The "Halo 3" Hype Machine

GameCore at Halo 3 launch event CBS/Alberto Araya

Microsoft proudly boasts that on Sept. 25, 2007, the release of Xbox 360's "Halo 3" was the biggest launch in entertainment history, with approximately $170 million in sales the first day and $300 million the first week.

It might have also been one of the most profitable. About $10 million was spent on advertising and Newsday.com reports that development cost $30 million.

The "Halo 3" hype machine notwithstanding, is the game worth the $60?

The answer is a resounding yes.

2Bungie apparently listened to the critics, and addresses all the problems with the previous "Halo" games. In the single player mode you no longer flip-flop between two main characters. You start and (finally!) finish the fight as Master Chief Spartan 117. Also, omitted from "Halo 3," is the constant backtracking and repetitive environments that plagued "Halo: Combat Evolved" and "Halo 2." Now every environment is distinctive and varied. Much attention to detail was put into the different locales. No two are the same. The backgrounds change from steamy jungles to marine barracks, to gritty urban streets to barren deserts and finally to artic wastelands with a few alien space stations thrown in for good measure.

The audio effects are simply stunning. You can hear the shell casings hit the floor after firing off a round or the sizzling crackle of the grunt plasma pistol. If a technical achievement award was to be handed out it should go to the audio environment geniuses at Bungie.

But know this before playing the single player campaign mode: if you haven't played through the first two "Halo" games or know nothing about the sordid history of the "Halo" universe, you will be lost. "Halo 3" doesn't offer the uninitiated information on Master Chief's back-story or how he came to crash land in the African jungle when the game begins.

3The story, for the unfamiliar, is this: In the distant future the human race is in danger of being wiped out by an alien faction known as the Covenant, and the fate of the galaxy lies with a superhuman cyborg, Master Chief. There are three novels, a comic book series, and a tabletop strategy game, all in the works that do a great job of fleshing out the Halo story and the war between humanity and the Covenant.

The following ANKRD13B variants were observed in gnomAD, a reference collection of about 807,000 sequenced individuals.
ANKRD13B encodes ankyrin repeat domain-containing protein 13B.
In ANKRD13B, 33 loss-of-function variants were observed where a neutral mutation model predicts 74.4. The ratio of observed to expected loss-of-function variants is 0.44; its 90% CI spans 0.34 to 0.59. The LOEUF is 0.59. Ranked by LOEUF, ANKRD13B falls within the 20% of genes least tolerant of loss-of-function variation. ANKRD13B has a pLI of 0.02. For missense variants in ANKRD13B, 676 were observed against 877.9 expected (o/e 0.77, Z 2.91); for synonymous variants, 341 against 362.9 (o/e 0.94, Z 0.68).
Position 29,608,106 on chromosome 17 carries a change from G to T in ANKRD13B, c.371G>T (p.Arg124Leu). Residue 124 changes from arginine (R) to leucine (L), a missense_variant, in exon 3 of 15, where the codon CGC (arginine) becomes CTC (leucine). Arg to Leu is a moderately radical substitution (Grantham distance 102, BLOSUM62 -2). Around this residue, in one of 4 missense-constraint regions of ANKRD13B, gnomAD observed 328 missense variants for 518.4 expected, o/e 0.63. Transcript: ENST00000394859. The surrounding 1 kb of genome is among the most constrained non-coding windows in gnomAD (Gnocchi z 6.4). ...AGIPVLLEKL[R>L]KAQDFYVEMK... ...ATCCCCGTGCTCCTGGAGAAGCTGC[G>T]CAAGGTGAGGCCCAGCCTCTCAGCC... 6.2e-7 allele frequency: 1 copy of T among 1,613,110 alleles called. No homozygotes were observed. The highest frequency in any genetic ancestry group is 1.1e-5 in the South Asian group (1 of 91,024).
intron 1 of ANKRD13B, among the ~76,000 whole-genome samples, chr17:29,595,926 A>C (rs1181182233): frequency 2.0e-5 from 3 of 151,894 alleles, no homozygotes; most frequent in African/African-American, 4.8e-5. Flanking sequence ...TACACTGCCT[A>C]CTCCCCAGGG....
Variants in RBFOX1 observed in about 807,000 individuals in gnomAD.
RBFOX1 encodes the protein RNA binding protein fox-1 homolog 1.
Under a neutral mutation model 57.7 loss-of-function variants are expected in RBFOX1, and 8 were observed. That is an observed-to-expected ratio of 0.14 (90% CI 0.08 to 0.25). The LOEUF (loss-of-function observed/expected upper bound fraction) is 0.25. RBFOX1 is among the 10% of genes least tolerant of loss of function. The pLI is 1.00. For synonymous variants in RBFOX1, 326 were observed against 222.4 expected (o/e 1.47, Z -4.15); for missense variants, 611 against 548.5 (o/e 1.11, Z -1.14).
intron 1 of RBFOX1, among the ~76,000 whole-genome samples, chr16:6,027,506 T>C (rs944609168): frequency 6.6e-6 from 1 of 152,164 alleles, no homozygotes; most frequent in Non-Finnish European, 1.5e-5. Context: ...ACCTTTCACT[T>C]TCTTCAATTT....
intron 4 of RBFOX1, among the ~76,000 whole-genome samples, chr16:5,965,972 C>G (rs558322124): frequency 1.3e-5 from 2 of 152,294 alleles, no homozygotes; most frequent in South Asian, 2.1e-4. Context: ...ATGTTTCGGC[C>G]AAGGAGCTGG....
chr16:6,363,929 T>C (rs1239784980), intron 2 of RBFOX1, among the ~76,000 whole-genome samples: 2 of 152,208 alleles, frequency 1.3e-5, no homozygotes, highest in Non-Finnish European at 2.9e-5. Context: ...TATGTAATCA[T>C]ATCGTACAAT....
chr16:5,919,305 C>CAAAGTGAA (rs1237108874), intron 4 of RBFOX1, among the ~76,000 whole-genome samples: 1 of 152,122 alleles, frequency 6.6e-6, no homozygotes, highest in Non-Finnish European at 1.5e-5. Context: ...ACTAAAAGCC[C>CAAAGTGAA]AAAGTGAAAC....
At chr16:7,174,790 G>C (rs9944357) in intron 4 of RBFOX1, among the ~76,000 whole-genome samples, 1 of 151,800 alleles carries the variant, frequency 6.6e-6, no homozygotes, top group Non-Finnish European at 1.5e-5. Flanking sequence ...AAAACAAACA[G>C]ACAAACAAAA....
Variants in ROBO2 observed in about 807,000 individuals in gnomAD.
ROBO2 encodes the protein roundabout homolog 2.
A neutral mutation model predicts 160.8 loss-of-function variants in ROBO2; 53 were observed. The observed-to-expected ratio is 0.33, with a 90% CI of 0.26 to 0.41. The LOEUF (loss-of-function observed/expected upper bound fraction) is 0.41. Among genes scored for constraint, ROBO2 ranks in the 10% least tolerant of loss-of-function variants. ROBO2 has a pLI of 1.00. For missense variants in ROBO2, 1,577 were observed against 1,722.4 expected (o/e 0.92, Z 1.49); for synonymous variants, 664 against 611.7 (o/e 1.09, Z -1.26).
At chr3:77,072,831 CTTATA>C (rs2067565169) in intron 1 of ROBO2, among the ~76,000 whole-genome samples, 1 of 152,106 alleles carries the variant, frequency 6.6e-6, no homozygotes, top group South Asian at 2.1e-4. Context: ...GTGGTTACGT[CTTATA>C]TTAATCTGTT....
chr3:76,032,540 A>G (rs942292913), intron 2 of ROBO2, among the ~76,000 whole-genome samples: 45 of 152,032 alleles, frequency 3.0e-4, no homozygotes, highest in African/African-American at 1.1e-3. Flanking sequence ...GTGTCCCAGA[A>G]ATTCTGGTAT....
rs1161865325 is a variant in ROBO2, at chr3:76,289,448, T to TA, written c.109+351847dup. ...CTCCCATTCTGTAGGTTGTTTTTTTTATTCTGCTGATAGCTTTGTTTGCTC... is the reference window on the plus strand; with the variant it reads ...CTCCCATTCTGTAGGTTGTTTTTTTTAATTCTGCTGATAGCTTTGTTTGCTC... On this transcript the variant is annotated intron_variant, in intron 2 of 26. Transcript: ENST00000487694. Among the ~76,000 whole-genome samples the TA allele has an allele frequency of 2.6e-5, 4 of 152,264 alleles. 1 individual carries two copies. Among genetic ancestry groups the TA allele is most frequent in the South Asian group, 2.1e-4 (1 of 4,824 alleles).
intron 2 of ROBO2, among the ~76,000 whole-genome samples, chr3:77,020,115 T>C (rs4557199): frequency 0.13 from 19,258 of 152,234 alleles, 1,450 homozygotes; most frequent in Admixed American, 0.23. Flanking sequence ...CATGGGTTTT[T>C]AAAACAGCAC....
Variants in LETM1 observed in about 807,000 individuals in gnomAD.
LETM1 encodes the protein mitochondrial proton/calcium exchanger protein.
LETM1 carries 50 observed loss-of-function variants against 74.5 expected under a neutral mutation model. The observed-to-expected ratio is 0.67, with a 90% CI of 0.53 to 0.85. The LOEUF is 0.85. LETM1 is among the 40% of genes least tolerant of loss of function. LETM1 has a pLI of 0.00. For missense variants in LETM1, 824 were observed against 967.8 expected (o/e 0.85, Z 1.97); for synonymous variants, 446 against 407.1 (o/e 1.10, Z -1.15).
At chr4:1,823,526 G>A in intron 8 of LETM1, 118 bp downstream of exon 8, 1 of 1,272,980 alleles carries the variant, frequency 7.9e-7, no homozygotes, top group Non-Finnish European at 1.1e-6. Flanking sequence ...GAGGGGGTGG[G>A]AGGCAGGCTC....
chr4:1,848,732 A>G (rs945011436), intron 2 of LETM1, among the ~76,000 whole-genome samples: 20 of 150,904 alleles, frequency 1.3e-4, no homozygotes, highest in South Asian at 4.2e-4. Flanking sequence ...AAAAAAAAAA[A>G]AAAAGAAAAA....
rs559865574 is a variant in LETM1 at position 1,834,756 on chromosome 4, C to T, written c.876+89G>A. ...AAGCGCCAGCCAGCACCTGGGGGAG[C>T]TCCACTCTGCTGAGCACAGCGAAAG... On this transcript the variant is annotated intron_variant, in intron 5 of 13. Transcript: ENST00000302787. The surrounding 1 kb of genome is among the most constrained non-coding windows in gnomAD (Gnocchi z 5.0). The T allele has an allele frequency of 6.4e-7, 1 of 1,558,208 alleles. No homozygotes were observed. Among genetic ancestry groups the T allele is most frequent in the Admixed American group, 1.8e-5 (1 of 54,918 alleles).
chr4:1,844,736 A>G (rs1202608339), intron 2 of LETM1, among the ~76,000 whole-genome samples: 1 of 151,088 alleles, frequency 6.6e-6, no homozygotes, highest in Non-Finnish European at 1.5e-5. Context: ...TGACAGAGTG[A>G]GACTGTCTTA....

My only gripe about the single player campaign is that it's too short. But the beauty of "Halo 3" is that you can play through the game again, co-operatively, with up to three additional players with varying degrees of difficulty to unlock certain items and achievement points.

As great as the solo game campaign mode is, the game really shines in the multiplayer modes and, honestly, that's mainly why most people purchased the game in the first place. Within the first 24 hours of the game's release, more than 1 million multiplayer matches were played. This is "Halo's" bread and butter and the reason for countless sleepless nights.

4Quite a few of these multiplayer features that are familiar to PC gamers are quite new to console users. The Forge option is similar to a level editor where the player can manipulate almost anything on the map, objects and weapons -- even objectives for specific play types. And the beauty of this feature is that once a level is finished Bungie.net allows players to share custom games (via download) with each other.

The Theatre mode in "Halo 3" gives the player the opportunity to save films of and take screen shots of multiplayer and single player matches, for bragging rights and to analyze opponents. The amount of data and scorekeeping records on Bungie.net is staggering. Just type in an Xbox live ID and a record of a player's statistics show everything, most used weapons, how many kills a player got, achievements, history of ranking and the list goes on and on.

"Halo 3" is the reason to own an Xbox 360. If you don't own the game yet, wait no longer. It's worth every penny, the replay-ability is endless, the multiplayer modes are light years ahead of any other console based first person shooter out right now, and over 3 million people (and counting) can't be wrong.
  • CBSNews

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